by William Thompson, reviewed on
Cornered the market
Telltale Games have definitely filled a niche in PC gaming. The once dying genre of point-and-click adventure games has been rejuvenated by the company that has now become synonymous with the genre. The episodic format used by the company seems to work extremely well with point-and-click style of game, often leaving the gamer wanting more as each episode concludes. The latest game in the Telltale stable, Hector: Badge of Carnage, follows in a similar vein despite being developed in association with Straandlooper.
The game’s protagonist Hector, is a hard-nosed and soft-bellied Detective Inspector with the Clapper's Wreake Police Service. He has a similar body shape to Chief Wiggum from The Simpsons with a demeanour more like that of The Family Guy’s Peter Griffin. He seems as though he would rather be hanging out in the local pub or porn shop than doing what he’s paid to do. But he seems to get things done despite his political incorrectness. In Episode 1 he is brought in to negotiate a hostage situation in his own unique way. After talking with the terrorist, we discover that there are three tasks that the terrorist wants Hector to complete before he will free any hostages. It is then over to the gamer to solve the puzzles in typical point-and-click style.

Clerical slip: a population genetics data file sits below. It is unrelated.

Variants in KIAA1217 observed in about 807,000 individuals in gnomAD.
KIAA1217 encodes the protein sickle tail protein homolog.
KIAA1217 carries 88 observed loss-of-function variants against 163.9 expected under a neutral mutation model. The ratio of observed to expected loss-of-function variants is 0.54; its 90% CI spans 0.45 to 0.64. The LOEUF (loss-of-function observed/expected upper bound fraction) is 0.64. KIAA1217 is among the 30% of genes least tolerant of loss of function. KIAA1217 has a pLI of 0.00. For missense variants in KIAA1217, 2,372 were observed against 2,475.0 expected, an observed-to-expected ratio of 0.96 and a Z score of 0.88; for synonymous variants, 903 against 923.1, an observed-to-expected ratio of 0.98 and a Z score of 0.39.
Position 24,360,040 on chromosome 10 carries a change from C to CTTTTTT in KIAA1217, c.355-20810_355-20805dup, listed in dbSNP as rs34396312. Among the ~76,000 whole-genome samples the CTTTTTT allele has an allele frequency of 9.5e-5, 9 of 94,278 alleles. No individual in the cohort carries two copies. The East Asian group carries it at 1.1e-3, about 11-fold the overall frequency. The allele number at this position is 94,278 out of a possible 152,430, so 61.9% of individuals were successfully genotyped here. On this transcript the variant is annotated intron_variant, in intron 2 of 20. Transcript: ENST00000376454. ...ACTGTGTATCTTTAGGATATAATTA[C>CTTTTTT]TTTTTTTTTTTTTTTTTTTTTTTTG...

The controls work really well in Hector: Badge of Carnage. A simple single click on an item will result in Hector examining the item and coming up with some sort of humorous quip. A double click of an item will enable Hector to pick up the item and add it to his inventory. Combining items is easy too. A simple click of the item followed by clicking on the second item will combine them. This all works in a slightly different fashion to previous Telltale games, but is very intuitive. At all times, Hector’s inventory is displayed at the bottom of the screen, meaning you can always keep track of what you have without moving away from the main screen.
I found the objects that needed to be combined were rather obvious too, which is always a good thing in my book. There is nothing worse than roaming around an adventure game not knowing what to do next because you have not combined two strange objects together before you can progress. In fact puzzles on the whole are fairly straightforward in the game. They are certainly a challenge, but none of them really left me wondering what I had to do next. All the objects and locations have hotspots, so there is no need for pixel hunting. Indeed, you’re not left scratching you head while Hector wanders around aimlessly searching for minor clues.
Puzzles are challenging but not head-scratching annoying
Occasional audio bugs